A sweet story about coping with new siblings and appreciating friendship, featuring some inspired use of Australian animals.



A gentle adventure story, with a subtle moral about accepting new siblings without feeling displaced.

Zangadoo Kangaroo feels overshadowed by his little brother Joey, but when he borrows his father’s magical boomerang, he discovers a special talent and some new friends—a colorful group of Australian animals. The great strength of the book is its focus on these animals, with all of the top-billing creatures making appearances—kangaroos, koalas, wombats—but also lesser knowns like budgies and emus. The creative use of Australian slang is also a highlight, with words like “crikey,” “lolly” and “billabong” that will delight younger readers. The book has a glossary in the back that will define Aussie words, which may ignite a further interest in the flora and fauna of Australia. Small details, such as Zangadoo’s mum’s surfing trophies and his dad’s work as a bush pilot, sketch in a picture of an eccentric and loving family that would be fun to visit again. One stumbling point is that while the book suggests that the boomerang is magical, the nature of its power isn’t explored. There is a brief discussion of the boomerang’s history, but more use of it would have made this stronger and livelier for young readers. Also, moments of tension are undercut a little too quickly—Zangadoo’s friends travel to the Outback, seemingly walking there from their small town, and find him almost immediately after the boomerang has whisked him away on a magical journey, and a scene of Zangadoo and his friends being chased by dingoes is resolved after only a page. However, younger readers should enjoy the simplicity of the story, as well as the adorable illustrations.

A sweet story about coping with new siblings and appreciating friendship, featuring some inspired use of Australian animals.

Pub Date: Oct. 1, 2012

ISBN: 978-0984742820

Page Count: 94

Publisher: Zangadoo Entertainment

Review Posted Online: Sept. 21, 2012

Kirkus Reviews Issue: Nov. 1, 2012

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Lit with sweetness.


Coco, who loves her gentle friend Bear, is shocked to learn that the other forest animals do not know about his kindness.

Inspired by one of her grandmother’s favorite maxims, Coco, a girl with light brown skin and curly brown hair, works with Bear to “share some kindness [and] bring some light” to the other animals in the forest. Interpreting it literally, the two make cookies (kindness) and lanterns (light) to share with the other animals. They trek through the snow-covered forest to deliver their gifts, but no one trusts Bear enough to accept them. As night begins to fall, Bear and Coco head home with the lanterns and cookies. On the way through the quiet forest, they hear a small voice pleading for help; it’s Baby Deer, stuck in the snow. They help free him, and Bear gives the young one a ride home on his back. When the other animals see both that Baby Deer is safe and that Bear is responsible for this, they begin to recognize all the wonderful things about Bear that they had not noticed before. The episode is weak on backstory—how did Coco and Bear become friends? Why don’t the animals know Bear better by now?—but Stott’s delicately inked and colored illustrations offer beguiling views of lightly anthropomorphized woodland critters that make it easy to move past these stumbling blocks. (This book was reviewed digitally with 10-by-18-inch double-page spreads viewed at 67% of actual size.)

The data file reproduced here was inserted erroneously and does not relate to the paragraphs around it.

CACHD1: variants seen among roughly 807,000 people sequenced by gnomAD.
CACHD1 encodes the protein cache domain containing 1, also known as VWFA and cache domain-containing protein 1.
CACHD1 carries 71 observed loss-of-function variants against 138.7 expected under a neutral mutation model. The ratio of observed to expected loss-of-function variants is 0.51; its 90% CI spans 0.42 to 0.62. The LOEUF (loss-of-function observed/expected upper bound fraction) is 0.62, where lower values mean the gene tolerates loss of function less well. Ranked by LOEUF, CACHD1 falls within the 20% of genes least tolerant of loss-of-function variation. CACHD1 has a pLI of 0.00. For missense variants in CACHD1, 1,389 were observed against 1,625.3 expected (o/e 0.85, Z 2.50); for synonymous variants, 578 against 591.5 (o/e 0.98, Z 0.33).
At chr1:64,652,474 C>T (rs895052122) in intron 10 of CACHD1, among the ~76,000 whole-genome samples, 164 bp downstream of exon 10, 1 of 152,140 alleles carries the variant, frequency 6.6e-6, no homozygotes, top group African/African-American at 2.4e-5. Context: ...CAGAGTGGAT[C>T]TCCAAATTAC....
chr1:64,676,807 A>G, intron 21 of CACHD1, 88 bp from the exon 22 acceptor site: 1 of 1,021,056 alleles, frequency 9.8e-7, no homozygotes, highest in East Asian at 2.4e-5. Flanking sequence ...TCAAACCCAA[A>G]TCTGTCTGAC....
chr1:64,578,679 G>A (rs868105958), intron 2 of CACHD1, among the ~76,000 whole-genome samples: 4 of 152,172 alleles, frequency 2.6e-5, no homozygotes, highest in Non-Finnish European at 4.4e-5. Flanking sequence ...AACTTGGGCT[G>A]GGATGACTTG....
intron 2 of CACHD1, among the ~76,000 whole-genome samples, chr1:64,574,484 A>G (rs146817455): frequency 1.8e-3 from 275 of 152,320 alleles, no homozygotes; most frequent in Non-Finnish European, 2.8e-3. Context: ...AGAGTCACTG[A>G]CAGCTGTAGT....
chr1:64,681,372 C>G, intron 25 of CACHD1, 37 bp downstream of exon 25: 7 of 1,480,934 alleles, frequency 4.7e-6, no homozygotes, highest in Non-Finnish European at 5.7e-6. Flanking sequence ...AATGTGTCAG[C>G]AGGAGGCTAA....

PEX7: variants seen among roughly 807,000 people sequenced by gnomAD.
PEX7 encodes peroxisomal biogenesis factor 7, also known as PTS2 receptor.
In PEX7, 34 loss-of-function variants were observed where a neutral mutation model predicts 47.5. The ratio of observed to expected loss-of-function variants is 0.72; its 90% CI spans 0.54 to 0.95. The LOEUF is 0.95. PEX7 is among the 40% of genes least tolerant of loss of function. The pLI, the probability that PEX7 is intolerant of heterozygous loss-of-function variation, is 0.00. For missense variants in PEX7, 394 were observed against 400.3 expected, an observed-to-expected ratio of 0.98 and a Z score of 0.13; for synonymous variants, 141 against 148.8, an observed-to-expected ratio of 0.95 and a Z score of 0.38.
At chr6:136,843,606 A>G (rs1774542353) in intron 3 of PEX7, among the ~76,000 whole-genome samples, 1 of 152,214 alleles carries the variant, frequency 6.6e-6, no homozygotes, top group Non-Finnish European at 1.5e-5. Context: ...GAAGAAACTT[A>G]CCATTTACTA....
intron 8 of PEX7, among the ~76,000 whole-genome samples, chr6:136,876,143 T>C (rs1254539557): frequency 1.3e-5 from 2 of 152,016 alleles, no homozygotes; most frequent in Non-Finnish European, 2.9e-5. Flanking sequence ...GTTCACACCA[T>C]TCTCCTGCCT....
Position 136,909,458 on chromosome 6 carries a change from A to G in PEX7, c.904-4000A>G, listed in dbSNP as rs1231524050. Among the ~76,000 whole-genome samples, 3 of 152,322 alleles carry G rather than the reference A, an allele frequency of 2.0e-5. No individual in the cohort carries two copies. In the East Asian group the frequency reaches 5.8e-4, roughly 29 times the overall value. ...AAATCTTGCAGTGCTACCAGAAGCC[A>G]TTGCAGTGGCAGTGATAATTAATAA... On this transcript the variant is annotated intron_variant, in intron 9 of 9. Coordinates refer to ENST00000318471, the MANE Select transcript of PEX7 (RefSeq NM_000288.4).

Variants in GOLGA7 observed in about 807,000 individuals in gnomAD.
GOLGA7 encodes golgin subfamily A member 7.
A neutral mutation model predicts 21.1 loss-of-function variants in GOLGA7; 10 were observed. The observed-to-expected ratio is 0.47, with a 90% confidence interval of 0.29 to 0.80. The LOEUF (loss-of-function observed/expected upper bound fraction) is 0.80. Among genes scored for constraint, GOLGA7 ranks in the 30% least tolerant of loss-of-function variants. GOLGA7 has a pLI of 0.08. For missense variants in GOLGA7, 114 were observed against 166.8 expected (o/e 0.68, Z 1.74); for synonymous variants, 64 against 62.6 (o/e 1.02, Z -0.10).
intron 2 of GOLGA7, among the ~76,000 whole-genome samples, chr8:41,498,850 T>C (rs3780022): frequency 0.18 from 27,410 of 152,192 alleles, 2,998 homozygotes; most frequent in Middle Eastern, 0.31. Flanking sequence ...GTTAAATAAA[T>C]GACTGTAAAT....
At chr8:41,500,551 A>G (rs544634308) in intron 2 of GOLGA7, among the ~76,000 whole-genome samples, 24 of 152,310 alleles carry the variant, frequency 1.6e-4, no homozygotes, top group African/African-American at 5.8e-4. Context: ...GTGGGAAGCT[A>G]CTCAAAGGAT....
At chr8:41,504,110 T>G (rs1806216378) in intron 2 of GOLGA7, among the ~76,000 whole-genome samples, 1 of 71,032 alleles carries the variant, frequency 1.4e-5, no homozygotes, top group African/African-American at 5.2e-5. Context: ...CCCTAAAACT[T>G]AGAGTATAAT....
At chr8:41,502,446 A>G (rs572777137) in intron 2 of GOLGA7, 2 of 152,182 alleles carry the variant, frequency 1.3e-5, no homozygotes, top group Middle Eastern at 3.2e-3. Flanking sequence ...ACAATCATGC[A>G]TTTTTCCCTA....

Lit with sweetness. (Picture book. 4-8)

Pub Date: Oct. 27, 2020

ISBN: 978-1-5344-6238-0

Page Count: 40

Publisher: Simon & Schuster

Review Posted Online: July 28, 2020

Kirkus Reviews Issue: Aug. 15, 2020

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The print version of a knee-slapping cumulative ditty.

In the song, Smith meets a donkey on the road. It is three-legged, and so a “wonky donkey” that, on further examination, has but one eye and so is a “winky wonky donkey” with a taste for country music and therefore a “honky-tonky winky wonky donkey,” and so on to a final characterization as a “spunky hanky-panky cranky stinky-dinky lanky honky-tonky winky wonky donkey.” A free musical recording (of this version, anyway—the author’s website hints at an adults-only version of the song) is available from the publisher and elsewhere online. Even though the book has no included soundtrack, the sly, high-spirited, eye patch–sporting donkey that grins, winks, farts, and clumps its way through the song on a prosthetic metal hoof in Cowley’s informal watercolors supplies comical visual flourishes for the silly wordplay. Look for ready guffaws from young audiences, whether read or sung, though those attuned to disability stereotypes may find themselves wincing instead or as well.

Hee haw. (Picture book. 5-7)

Pub Date: May 1, 2010

ISBN: 978-0-545-26124-1

Page Count: 26

Publisher: Scholastic

Review Posted Online: Dec. 29, 2018

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